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Are Catfish Bottom Feeders?

Catfish are one of the most popular fish for anglers to pursue; in fact, according to the most recent National Survey of Fishing, Hunting, and Wildlife-Associated Recreation, 8.1 million anglers over the age of 16 fish for catfish.

Catfish are an ideal fish to pursue. They put up a great fight on the line, they’re abundant, they grow quickly, and they’re widely considered to be delicious. However, there is one glaring insult that catfish have to put up with: the reputation of being a “bottom feeder.”

But is that true? After all, there are nearly three thousand different species of catfish in freshwater, brackish water, and salt water all over the world. Can they really all be bottom feeders? And what does being a bottom feeder even mean for fish?

Today, we’re going to explore the catfish’s reputation. There are twenty-six species of catfish in North America; however, only four of those are considered game fish. We’re going to take a deep dive alongside each of those four. We’ll tell you exactly what they eat, where they live, and where in the water column you can find them.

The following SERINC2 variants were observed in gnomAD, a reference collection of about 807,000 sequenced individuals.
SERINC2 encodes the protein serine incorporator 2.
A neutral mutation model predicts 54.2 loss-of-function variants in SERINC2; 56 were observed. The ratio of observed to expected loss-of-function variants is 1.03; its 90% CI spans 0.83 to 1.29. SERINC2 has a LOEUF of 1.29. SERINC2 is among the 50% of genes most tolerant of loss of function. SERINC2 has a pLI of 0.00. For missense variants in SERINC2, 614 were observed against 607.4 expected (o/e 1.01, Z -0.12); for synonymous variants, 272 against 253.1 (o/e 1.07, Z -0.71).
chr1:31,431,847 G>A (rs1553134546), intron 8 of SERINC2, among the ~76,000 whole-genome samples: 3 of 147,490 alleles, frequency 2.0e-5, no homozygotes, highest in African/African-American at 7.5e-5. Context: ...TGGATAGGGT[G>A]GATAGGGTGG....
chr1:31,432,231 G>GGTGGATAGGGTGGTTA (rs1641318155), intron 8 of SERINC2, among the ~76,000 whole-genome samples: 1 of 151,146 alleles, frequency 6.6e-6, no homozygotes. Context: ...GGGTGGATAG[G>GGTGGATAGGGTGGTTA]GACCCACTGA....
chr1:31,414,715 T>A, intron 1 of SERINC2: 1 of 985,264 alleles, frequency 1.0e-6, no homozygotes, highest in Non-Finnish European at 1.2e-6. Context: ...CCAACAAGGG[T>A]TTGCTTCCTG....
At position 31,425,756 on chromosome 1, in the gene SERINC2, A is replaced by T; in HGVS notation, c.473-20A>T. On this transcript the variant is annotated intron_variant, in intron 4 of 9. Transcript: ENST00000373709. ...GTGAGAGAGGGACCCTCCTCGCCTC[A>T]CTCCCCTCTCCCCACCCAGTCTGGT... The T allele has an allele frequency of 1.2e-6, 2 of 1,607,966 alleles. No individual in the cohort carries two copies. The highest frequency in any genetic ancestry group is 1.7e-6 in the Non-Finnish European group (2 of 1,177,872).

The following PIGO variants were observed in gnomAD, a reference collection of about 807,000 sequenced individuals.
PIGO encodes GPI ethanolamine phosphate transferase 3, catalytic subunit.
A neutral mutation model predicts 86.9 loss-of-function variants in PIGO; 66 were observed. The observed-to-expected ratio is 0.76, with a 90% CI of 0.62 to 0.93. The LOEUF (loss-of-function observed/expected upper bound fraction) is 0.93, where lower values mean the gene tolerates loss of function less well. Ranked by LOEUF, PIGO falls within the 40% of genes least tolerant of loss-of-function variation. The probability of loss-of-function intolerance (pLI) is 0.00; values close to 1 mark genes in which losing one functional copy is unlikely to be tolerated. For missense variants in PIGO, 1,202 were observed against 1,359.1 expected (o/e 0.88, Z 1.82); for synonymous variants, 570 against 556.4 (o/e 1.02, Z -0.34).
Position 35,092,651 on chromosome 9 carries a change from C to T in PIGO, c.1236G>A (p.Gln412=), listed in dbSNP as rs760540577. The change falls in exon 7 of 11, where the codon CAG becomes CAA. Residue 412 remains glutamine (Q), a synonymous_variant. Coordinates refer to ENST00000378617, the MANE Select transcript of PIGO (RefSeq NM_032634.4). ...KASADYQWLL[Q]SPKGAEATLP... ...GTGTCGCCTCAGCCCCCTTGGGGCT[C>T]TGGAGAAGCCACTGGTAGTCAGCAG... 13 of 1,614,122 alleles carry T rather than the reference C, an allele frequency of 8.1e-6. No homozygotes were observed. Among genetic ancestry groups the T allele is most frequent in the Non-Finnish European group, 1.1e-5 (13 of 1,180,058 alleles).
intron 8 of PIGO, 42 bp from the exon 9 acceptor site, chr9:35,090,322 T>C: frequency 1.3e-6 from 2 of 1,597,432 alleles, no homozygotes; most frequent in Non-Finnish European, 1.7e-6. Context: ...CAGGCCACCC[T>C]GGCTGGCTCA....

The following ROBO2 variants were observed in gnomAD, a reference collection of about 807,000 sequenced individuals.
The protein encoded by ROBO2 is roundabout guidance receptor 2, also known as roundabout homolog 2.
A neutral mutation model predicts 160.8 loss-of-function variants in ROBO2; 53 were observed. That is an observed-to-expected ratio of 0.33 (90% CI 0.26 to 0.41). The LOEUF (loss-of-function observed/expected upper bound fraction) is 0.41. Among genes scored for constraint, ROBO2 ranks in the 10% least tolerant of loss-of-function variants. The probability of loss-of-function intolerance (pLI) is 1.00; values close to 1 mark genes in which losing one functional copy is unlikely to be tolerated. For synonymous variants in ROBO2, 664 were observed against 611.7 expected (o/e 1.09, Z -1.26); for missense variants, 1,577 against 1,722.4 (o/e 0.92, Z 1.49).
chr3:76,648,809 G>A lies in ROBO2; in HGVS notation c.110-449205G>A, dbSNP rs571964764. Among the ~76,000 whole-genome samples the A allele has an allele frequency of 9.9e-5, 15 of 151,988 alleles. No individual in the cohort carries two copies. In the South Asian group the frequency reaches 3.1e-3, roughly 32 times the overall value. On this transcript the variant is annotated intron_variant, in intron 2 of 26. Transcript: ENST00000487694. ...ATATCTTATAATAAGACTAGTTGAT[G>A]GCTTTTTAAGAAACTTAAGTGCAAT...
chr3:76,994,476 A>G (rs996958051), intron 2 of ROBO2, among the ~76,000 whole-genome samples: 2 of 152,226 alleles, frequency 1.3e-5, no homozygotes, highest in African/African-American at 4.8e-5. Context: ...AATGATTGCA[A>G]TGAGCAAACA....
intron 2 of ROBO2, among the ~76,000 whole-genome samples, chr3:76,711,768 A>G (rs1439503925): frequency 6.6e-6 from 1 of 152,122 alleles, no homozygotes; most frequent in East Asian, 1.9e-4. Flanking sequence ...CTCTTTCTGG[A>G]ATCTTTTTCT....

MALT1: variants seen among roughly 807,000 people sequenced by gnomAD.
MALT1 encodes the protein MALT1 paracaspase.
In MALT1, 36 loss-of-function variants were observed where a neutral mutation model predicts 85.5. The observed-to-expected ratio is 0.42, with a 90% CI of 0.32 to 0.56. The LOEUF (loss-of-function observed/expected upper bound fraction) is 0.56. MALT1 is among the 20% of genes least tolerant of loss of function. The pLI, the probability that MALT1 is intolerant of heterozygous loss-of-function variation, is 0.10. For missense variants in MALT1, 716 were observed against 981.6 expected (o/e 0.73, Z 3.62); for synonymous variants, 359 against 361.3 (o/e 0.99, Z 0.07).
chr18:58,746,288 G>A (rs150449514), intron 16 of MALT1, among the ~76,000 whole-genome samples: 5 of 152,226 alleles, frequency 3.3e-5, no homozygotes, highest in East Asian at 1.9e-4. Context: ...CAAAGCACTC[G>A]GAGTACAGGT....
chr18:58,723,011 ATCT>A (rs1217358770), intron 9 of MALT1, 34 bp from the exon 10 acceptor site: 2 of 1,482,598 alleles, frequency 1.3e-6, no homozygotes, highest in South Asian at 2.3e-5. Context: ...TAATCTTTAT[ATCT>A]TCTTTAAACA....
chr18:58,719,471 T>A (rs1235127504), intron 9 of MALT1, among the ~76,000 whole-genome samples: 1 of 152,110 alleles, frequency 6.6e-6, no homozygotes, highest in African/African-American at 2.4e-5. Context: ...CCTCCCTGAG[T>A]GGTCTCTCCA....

But first… what is a bottom feeder?

Bottom Feeding Fish

When it comes to people, “bottom feeder” is definitely an insult– and unfortunately, that negative connotation is carried over to fish. We tend to think of bottom feeders as being opportunistic scavengers that just skim along the deepest parts of the lake, eating who-knows-what. It’s a term that gets used to make a fish sound unpalatable. You are what you eat, after all, and if a bottom feeding fish is just eating whatever junk it can find… well, that doesn’t sound very tasty.